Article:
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Selloff in Government Bonds May 2015

Due to unconventional policy easing (quantitative easing) taken by global central banks, bonds have been among the best performing asset classes in recent years.  But a big sell-off in the government bond markets is happening from Germany to Australia.  On 2015-04-15, the first to "predict" the "sell off" of German Bund was Doug Kass, Head of Hedge Fund Seabreeze Partners Management.  Then on 2015-04-21, Bill Gross agreed and tweeted the German bund as "the short of a lifetime".  Thereafter, on 2015-05-01, Goldman joins Gross on Bund View.

A two-week selloff in German Bunds, alongside Treasuries and British Gilts, has led to worries about eurozone monetary conditions and a possibly volatile unwinding of both short positions in the euro and investments in eurozone equities.

According to Ashish Agrawal, an emerging markets strategist at Credit Suisse, the current selloff in bonds is driven by developments in the Eurozone markets.

Indeed, the sell-off has been most pronounced in Europe which began in late April, alongside a drop in European stock markets, as a quantitative easing inspired rally starts to wane.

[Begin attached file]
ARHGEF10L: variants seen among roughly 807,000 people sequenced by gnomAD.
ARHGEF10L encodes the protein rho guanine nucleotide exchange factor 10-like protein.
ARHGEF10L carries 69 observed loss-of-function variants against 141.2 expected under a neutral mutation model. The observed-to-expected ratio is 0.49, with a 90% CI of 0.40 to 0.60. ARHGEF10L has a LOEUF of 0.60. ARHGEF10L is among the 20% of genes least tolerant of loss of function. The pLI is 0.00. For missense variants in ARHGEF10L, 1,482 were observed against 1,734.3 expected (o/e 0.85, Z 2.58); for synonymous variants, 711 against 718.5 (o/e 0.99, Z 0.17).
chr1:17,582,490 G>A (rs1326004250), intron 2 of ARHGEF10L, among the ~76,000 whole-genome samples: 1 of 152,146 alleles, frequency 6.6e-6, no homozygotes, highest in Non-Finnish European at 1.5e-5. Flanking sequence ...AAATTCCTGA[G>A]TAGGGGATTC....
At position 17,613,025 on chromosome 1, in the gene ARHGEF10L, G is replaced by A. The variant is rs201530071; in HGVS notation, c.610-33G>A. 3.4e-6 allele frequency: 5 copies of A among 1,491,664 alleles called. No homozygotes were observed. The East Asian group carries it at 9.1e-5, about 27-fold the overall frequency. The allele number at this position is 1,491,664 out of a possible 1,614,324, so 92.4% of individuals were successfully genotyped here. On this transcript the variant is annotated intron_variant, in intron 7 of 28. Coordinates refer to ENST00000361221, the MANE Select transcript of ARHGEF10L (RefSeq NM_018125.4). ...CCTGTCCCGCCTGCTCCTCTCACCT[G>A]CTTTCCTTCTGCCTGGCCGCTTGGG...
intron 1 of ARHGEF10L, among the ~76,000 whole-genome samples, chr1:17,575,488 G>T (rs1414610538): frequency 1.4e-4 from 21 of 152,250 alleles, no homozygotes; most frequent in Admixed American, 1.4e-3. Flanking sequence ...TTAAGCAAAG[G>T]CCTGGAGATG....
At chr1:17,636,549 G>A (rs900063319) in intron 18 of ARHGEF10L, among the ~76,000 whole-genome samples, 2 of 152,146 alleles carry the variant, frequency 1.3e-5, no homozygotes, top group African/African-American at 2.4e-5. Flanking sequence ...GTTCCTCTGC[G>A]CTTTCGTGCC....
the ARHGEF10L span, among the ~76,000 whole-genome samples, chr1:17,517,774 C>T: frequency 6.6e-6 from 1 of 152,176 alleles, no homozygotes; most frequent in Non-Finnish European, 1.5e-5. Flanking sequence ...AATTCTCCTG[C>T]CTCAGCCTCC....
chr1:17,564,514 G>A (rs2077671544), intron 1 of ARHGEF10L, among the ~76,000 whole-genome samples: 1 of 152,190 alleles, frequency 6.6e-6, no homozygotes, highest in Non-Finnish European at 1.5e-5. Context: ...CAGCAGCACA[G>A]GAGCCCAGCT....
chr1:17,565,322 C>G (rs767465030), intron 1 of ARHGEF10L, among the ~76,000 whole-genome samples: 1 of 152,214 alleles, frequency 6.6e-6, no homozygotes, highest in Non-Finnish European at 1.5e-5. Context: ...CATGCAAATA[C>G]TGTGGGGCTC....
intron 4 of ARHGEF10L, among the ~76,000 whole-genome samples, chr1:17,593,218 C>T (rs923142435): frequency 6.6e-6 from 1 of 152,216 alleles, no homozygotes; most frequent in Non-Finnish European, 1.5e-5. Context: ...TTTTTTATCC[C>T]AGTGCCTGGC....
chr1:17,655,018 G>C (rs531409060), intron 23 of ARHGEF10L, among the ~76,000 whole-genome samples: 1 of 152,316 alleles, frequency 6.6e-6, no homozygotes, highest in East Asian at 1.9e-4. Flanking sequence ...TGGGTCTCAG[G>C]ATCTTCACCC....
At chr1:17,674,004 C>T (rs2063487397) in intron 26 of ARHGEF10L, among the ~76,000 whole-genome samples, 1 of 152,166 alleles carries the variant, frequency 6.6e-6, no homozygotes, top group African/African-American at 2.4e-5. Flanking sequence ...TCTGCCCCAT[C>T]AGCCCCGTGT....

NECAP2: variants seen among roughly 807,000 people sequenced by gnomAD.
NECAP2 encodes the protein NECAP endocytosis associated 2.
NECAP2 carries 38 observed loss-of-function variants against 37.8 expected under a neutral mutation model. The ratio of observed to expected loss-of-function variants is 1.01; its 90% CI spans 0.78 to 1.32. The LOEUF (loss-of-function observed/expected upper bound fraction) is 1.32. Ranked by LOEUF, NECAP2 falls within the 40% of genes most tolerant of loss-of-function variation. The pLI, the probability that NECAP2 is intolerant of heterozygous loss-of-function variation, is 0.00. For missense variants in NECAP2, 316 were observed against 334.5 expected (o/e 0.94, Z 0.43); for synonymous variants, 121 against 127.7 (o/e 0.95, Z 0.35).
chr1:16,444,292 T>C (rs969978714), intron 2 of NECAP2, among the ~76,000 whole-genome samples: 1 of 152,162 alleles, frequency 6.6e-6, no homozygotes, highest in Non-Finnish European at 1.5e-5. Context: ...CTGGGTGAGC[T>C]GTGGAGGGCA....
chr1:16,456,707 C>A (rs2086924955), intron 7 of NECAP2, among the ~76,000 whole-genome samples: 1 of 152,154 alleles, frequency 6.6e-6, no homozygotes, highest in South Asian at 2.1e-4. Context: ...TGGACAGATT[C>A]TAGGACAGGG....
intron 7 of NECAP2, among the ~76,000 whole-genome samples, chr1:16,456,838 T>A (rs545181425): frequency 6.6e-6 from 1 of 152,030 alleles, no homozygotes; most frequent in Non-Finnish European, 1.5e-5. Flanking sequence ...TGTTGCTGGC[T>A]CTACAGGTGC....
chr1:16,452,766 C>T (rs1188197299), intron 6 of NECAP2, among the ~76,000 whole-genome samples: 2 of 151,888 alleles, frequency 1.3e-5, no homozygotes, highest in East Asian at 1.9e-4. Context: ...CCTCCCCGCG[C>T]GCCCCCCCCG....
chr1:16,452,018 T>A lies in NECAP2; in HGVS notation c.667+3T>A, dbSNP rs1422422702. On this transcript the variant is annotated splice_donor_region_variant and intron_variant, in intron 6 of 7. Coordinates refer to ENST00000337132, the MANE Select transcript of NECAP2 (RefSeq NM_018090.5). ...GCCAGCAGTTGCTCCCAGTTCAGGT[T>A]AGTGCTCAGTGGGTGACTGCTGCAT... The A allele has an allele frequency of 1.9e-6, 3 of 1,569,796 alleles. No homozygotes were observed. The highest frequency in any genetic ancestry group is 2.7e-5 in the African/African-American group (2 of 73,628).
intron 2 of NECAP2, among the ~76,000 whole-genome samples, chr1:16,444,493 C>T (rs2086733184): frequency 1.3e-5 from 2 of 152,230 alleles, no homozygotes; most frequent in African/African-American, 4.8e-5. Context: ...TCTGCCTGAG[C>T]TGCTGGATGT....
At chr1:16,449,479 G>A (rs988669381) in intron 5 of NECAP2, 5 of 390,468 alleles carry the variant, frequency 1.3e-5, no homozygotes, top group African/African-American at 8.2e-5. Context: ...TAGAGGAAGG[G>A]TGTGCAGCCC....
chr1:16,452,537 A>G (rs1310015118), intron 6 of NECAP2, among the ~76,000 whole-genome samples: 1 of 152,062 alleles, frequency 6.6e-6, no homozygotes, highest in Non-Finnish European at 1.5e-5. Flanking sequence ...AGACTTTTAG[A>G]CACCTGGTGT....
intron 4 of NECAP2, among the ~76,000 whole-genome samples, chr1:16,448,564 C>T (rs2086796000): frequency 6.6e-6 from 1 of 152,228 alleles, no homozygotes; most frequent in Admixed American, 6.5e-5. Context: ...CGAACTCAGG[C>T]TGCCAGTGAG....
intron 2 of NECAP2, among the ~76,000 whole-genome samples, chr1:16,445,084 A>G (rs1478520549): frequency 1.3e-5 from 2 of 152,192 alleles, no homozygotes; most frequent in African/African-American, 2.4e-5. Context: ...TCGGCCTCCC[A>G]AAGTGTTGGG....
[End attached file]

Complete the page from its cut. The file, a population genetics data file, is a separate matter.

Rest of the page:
Some government bonds that had rallied to negative yields have now slumped to offer positive yields for the first time since early this year. The German five-year bund now has a yield of 0.07%, having yielded 0.1% last week. The five-year bund was -0.139% (negative yield) on 2015-04-21, when Bill Gross said the German bunds are 'the short of a lifetime'.

Doug Kass was the first to spot the "short" opportunity of German Bund when on 2015-04-15, he wrote to his clients: 

"Near zero to negative sovereign debt yields in Europe represent the bubble of all investment bubbles, dwarfing even the Nasdaq bubble of 16 years ago. Mark my words, I will make a fortune shorting these bonds at some point in time—probably much sooner than later. And I promise all of you that I will figure a way you all can consider (depending on your time frame and risk appetite) putting on the short European fixed-income trade."

What this meant is - buying opportunity is emerging.  Bonds of "strong" government bonds have little default risk.  But they can get swept up in times of indiscriminate panic selling.  When the fear recedes, the price of those bonds could rebound swiftly.


  1. Reuters, 2015-05-06, "Global Markets - Asian Stocks at 2-week lows as bond woes spread, dollar slips"
  2. Citywire, Daniel Grote, 2015-05-06, "Investors dump bonds in Global Fixed Income Rout"
  3. CNBC, Jeff Cox, 2015-04-21, "Bill Gross:  German bunds are 'the short of a lifetime'"
  4. ValueWalk, Mark Melin, 2015-05-01, "Goldman Joins Gross on Bund View, Sees ECB Stimulus Differently Than Eurozone"